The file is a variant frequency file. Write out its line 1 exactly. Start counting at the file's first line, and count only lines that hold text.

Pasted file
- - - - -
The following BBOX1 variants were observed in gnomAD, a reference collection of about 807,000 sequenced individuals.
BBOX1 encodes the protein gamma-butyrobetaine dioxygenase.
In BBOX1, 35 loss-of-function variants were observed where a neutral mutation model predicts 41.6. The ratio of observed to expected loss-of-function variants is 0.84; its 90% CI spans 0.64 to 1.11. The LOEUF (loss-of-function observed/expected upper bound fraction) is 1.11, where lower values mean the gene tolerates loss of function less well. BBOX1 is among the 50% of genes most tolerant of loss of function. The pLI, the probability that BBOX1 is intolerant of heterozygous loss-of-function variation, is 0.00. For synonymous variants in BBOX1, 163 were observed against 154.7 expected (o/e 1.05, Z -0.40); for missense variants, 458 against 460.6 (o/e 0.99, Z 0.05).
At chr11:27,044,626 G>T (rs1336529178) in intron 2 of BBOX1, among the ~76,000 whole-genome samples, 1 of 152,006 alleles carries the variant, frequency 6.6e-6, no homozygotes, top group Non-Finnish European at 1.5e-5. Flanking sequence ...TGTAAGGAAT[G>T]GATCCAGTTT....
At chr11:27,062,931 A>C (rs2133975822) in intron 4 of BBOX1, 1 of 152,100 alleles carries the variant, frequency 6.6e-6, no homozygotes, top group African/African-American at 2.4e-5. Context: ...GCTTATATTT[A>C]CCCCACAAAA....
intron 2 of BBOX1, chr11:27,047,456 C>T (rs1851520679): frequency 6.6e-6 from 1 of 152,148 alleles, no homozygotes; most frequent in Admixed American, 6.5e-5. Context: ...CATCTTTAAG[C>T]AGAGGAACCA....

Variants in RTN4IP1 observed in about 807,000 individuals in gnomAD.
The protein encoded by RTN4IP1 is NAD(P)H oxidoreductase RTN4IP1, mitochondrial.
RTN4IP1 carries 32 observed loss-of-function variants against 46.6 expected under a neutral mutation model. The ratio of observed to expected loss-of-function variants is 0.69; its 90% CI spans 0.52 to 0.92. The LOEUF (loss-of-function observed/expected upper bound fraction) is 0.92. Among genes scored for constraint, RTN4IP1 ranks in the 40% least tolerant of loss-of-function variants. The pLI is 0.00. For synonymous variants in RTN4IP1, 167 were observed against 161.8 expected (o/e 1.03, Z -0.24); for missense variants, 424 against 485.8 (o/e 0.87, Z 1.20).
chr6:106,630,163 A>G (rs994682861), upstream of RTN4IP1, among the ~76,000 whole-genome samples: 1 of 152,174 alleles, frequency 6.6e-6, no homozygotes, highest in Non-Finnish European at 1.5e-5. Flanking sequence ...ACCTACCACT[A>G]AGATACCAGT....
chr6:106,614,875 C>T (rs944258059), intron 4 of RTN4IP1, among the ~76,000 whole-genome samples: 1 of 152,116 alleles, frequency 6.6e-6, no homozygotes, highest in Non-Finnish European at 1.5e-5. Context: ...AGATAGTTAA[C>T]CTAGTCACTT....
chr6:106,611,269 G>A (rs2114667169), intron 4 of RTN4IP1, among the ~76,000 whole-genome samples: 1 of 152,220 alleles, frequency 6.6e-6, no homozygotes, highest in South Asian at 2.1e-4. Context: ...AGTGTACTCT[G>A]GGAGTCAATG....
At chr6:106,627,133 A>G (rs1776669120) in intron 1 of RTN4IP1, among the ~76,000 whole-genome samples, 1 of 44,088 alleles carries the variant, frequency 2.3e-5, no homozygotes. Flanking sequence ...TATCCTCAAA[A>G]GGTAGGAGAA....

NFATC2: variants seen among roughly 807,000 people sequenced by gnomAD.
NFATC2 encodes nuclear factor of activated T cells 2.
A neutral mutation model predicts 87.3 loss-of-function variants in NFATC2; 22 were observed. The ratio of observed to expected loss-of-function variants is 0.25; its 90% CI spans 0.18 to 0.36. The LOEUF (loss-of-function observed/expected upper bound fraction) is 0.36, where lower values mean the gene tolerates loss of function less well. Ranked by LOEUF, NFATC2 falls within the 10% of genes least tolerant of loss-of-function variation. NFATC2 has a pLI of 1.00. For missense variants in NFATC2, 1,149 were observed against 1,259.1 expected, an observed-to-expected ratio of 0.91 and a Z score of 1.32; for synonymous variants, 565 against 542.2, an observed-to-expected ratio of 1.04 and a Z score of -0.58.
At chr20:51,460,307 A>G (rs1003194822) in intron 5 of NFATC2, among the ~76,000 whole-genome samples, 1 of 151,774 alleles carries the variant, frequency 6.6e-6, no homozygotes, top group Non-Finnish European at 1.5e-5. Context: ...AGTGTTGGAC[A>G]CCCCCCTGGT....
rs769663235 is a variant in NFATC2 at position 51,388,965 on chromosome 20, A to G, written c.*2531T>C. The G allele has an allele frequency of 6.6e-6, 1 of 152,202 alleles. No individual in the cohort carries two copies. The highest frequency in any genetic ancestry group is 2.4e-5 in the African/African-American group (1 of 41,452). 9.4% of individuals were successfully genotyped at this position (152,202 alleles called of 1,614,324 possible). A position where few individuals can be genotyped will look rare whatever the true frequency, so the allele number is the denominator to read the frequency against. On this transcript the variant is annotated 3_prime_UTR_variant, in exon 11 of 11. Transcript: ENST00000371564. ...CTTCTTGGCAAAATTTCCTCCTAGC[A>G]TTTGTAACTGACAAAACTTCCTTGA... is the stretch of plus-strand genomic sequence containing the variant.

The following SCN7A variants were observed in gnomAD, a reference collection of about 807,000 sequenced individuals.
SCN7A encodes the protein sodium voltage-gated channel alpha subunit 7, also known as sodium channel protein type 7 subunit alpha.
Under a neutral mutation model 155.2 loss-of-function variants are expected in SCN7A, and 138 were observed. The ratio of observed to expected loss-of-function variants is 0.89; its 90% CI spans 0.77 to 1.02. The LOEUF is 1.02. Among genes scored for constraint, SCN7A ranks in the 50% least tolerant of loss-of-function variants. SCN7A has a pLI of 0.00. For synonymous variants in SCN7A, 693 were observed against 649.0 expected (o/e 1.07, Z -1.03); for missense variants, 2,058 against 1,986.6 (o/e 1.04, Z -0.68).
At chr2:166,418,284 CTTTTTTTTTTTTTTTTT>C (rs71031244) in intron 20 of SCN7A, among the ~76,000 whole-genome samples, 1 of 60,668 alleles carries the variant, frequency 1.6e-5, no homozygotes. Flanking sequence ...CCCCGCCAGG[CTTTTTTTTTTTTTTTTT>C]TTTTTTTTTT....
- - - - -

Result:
The following BBOX1 variants were observed in gnomAD, a reference collection of about 807,000 sequenced individuals.